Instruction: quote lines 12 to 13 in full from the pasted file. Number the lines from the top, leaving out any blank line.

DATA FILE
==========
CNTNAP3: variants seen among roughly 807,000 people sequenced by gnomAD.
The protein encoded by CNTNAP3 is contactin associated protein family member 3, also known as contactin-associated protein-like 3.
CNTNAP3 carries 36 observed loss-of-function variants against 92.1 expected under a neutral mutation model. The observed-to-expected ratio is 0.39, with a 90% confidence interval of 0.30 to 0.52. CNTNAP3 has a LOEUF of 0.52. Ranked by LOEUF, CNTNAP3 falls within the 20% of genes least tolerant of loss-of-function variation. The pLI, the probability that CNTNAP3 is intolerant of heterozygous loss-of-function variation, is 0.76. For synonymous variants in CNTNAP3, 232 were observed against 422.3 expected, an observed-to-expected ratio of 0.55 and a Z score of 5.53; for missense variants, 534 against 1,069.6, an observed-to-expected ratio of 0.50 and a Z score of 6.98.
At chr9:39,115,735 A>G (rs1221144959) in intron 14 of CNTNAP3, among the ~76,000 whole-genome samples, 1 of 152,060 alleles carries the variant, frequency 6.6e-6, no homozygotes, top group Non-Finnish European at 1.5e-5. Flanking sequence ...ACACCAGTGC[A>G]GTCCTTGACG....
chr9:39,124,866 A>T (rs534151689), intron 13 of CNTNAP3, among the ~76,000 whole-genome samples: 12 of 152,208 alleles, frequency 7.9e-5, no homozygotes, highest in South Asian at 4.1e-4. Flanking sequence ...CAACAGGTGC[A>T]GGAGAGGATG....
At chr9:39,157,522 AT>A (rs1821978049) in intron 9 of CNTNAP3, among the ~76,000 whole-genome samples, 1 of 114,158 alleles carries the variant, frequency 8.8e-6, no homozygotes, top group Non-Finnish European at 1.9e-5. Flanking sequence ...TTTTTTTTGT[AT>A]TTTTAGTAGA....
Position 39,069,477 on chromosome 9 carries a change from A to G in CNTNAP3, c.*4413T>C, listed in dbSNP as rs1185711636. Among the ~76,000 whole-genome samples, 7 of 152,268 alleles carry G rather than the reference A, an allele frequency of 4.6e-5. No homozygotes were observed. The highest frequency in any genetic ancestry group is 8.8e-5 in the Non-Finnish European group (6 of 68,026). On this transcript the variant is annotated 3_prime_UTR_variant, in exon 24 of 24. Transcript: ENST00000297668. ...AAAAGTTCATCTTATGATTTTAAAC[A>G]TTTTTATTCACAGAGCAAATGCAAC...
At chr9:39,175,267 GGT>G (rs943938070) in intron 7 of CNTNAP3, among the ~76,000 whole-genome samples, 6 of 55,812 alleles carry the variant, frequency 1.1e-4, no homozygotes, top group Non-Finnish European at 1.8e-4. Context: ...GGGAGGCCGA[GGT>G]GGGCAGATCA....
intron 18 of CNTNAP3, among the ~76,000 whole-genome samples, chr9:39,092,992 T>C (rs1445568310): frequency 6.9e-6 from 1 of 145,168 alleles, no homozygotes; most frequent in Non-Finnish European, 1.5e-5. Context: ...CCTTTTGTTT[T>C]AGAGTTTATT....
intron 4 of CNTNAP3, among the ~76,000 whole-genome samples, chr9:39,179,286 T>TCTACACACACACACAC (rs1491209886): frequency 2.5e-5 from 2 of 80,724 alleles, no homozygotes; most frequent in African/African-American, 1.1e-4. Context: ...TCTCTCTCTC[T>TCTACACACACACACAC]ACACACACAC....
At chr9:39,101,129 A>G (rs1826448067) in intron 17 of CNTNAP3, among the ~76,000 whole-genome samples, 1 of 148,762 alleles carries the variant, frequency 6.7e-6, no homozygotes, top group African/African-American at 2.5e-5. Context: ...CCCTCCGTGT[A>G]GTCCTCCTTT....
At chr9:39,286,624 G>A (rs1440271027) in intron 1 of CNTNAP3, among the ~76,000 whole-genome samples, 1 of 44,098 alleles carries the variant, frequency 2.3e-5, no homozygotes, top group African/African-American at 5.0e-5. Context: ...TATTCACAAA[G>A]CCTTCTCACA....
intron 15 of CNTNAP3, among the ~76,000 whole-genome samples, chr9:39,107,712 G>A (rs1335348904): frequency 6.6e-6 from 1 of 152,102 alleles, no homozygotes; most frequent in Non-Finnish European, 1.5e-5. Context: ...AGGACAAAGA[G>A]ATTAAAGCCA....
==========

At chr9:39,286,624 G>A (rs1440271027) in intron 1 of CNTNAP3, among the ~76,000 whole-genome samples, 1 of 44,098 alleles carries the variant, frequency 2.3e-5, no homozygotes, top group African/African-American at 5.0e-5. Context: ...TATTCACAAA[G>A]CCTTCTCACA....
intron 15 of CNTNAP3, among the ~76,000 whole-genome samples, chr9:39,107,712 G>A (rs1335348904): frequency 6.6e-6 from 1 of 152,102 alleles, no homozygotes; most frequent in Non-Finnish European, 1.5e-5. Context: ...AGGACAAAGA[G>A]ATTAAAGCCA....